Published on and the Epoch Times on October 21, 2016

Q & A.



I am a J-1 student, my visa is expired but my I-20 is still valid and I am an on academic training(currently working). I am married to a green card holder. My situation is that I recently lost my mother in law and I need to go back to my country for the funerals. I do not how i am going to reenter in the USA.

Mr. Lee answers:

I do not completely understand your question as J-1 students have DS 2019 forms and F-1 students have I-20’s. However, the fact that your visa is expired means that you will have to make application for another visa to come back to the U. S. Both J-1 and F-1 visas require a showing of nonimmigrant intent. Your being married to a green card holder could certainly cause a problem. That is a risk that you would have to take if you go back home. I note that some consular officers would issue the visa as long as you convince them that you would return home instead of attempting to adjust your status to permanent residence in the U. S. Another factor could be whether your spouse has already filed an I-130 petition on your behalf.


What Happen If a Minor Child Tries to Come to USA After He Overstayed Before?

My son came to this country legal with VISA from Guatemala, he stayed more than the legal time Immigration gave him and he start School here, 2 years later he return to Guatemala but we want to bring him back to USA, his VISA is not expire yet so I want to know if there is any possibility that immigration agent let him stayed in the country for what would happen to him? 

Mr Lee answers:

For purposes of answering your question, I will assume that your son holds a visiting visa. If your minor son overstayed the period of time on a visiting visa, his visa is automatically canceled even if the date on it has not expired. Technically he would have to seek a new visa from the American consulate before attempting to come to the U. S. If he decides to come on his present visa, there is a large possibility that he will be turned back at the point of entry because of the overstay and that the visa is automatically canceled.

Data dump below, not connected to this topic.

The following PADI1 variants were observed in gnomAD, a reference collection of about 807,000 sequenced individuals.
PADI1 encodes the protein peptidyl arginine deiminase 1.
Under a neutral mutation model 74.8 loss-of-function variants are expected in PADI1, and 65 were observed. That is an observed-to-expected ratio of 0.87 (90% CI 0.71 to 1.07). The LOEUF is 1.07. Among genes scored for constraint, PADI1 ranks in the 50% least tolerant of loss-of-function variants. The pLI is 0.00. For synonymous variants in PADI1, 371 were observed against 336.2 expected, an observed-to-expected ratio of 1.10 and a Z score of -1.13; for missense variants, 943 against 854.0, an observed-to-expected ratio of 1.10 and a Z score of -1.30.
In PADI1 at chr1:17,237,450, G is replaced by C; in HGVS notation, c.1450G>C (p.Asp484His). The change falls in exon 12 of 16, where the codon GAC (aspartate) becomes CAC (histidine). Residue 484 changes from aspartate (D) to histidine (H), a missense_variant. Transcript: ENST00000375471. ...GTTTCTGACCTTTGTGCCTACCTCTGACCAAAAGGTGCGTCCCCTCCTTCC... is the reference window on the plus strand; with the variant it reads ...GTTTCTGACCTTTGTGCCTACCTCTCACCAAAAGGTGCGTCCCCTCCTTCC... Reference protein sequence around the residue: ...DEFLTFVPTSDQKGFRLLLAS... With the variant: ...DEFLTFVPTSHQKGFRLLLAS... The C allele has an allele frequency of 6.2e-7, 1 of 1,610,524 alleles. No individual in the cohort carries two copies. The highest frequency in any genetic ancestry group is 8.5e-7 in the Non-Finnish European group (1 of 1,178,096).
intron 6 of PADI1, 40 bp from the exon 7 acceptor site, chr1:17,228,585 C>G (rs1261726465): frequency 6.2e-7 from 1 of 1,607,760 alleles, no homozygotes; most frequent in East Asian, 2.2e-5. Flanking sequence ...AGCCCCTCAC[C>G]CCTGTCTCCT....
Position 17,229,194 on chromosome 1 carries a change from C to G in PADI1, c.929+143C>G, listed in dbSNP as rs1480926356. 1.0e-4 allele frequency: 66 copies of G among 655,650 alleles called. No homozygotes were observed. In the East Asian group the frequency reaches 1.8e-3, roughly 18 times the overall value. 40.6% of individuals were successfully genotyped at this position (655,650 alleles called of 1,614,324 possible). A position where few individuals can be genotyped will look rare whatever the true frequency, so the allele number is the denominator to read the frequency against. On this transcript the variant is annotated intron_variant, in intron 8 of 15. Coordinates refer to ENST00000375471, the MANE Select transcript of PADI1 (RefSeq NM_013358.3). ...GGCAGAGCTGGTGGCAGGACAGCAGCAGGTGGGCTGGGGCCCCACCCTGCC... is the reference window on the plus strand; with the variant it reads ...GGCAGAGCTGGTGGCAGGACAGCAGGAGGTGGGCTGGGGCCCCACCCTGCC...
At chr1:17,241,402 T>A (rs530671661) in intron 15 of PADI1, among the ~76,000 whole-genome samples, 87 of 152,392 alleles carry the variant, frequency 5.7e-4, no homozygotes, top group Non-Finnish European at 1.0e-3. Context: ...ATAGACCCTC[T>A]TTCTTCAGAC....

I May Be a Victim of Marriage/Immigration Fraud, Should I Contact Immigration Enforcement?

My non-citizen spouse has abandoned me multiple times over our nine year marriage. He/she has come back with convincing promises of change but has left shortly after he/she gets money. He/she has delayed accepting an agreement for an uncontested divorce and now refuses to sign any agreement until the marriage hits 10 years, by his/her own words, to get half of my SS benefits. This occurred right after I refused to give him/her money. I am convinced he/she entered the marriage to get money and citizenship, nothing more. Should I contact immigration enforcement? Can this be a basis for annulment?

Mr. Lee answers:

In your fact situation of your non-citizen spouse abandoning you multiple times over 9 years of marriage and returning to you for financial reasons, I doubt that the Department of Homeland Security would be interested in your case as you have already had a nine-year relationship with your spouse. I cannot tell you whether your situation would be a basis for annulment as I handle immigration law exclusively. 



Copyright © 2003-2017 Alan Lee, Esq.
The information provided here is of a general nature and may not apply to any particular set of facts or circumstances. It should not be construed as legal advice and does not constitute an engagement of the Law Office of Alan Lee or establish an attorney-client relationship.


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